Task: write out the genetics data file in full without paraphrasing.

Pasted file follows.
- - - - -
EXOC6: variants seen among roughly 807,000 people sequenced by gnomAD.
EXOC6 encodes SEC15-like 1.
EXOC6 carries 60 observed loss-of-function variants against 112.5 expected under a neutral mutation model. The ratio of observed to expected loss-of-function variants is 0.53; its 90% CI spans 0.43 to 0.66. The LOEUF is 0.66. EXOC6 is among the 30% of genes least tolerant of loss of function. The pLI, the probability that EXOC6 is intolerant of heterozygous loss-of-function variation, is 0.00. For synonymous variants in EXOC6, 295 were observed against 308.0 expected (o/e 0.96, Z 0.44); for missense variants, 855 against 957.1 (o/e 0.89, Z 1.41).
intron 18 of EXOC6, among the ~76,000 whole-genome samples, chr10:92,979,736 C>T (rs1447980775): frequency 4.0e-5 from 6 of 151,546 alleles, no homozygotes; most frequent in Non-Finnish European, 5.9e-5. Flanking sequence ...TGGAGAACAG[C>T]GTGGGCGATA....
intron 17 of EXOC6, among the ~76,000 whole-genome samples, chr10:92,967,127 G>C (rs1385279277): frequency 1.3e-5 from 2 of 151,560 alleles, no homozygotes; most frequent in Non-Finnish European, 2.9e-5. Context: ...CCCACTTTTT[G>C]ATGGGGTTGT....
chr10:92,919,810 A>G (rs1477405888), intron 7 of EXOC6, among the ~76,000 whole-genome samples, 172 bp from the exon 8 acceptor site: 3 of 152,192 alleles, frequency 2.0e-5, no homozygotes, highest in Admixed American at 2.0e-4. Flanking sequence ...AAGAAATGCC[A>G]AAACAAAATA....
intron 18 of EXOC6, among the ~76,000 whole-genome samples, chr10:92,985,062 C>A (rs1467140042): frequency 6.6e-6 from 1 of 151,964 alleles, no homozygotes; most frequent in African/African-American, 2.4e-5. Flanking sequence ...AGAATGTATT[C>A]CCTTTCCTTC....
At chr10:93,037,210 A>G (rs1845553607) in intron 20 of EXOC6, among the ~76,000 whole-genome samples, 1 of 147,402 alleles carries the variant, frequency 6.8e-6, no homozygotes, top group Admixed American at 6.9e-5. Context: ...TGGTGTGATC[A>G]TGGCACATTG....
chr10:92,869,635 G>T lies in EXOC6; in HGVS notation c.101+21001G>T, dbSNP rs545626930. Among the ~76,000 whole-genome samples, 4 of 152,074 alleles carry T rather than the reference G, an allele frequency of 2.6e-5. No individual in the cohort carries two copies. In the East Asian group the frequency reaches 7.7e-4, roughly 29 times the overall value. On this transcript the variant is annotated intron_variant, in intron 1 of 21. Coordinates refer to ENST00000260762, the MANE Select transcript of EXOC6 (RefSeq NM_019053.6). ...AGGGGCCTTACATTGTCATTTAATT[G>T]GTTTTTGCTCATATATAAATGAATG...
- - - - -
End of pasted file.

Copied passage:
EXOC6: variants seen among roughly 807,000 people sequenced by gnomAD.
EXOC6 encodes SEC15-like 1.
EXOC6 carries 60 observed loss-of-function variants against 112.5 expected under a neutral mutation model. The ratio of observed to expected loss-of-function variants is 0.53; its 90% CI spans 0.43 to 0.66. The LOEUF is 0.66. EXOC6 is among the 30% of genes least tolerant of loss of function. The pLI, the probability that EXOC6 is intolerant of heterozygous loss-of-function variation, is 0.00. For synonymous variants in EXOC6, 295 were observed against 308.0 expected (o/e 0.96, Z 0.44); for missense variants, 855 against 957.1 (o/e 0.89, Z 1.41).
intron 18 of EXOC6, among the ~76,000 whole-genome samples, chr10:92,979,736 C>T (rs1447980775): frequency 4.0e-5 from 6 of 151,546 alleles, no homozygotes; most frequent in Non-Finnish European, 5.9e-5. Flanking sequence ...TGGAGAACAG[C>T]GTGGGCGATA....
intron 17 of EXOC6, among the ~76,000 whole-genome samples, chr10:92,967,127 G>C (rs1385279277): frequency 1.3e-5 from 2 of 151,560 alleles, no homozygotes; most frequent in Non-Finnish European, 2.9e-5. Context: ...CCCACTTTTT[G>C]ATGGGGTTGT....
chr10:92,919,810 A>G (rs1477405888), intron 7 of EXOC6, among the ~76,000 whole-genome samples, 172 bp from the exon 8 acceptor site: 3 of 152,192 alleles, frequency 2.0e-5, no homozygotes, highest in Admixed American at 2.0e-4. Flanking sequence ...AAGAAATGCC[A>G]AAACAAAATA....
intron 18 of EXOC6, among the ~76,000 whole-genome samples, chr10:92,985,062 C>A (rs1467140042): frequency 6.6e-6 from 1 of 151,964 alleles, no homozygotes; most frequent in African/African-American, 2.4e-5. Flanking sequence ...AGAATGTATT[C>A]CCTTTCCTTC....
At chr10:93,037,210 A>G (rs1845553607) in intron 20 of EXOC6, among the ~76,000 whole-genome samples, 1 of 147,402 alleles carries the variant, frequency 6.8e-6, no homozygotes, top group Admixed American at 6.9e-5. Context: ...TGGTGTGATC[A>G]TGGCACATTG....
chr10:92,869,635 G>T lies in EXOC6; in HGVS notation c.101+21001G>T, dbSNP rs545626930. Among the ~76,000 whole-genome samples, 4 of 152,074 alleles carry T rather than the reference G, an allele frequency of 2.6e-5. No individual in the cohort carries two copies. In the East Asian group the frequency reaches 7.7e-4, roughly 29 times the overall value. On this transcript the variant is annotated intron_variant, in intron 1 of 21. Coordinates refer to ENST00000260762, the MANE Select transcript of EXOC6 (RefSeq NM_019053.6). ...AGGGGCCTTACATTGTCATTTAATT[G>T]GTTTTTGCTCATATATAAATGAATG...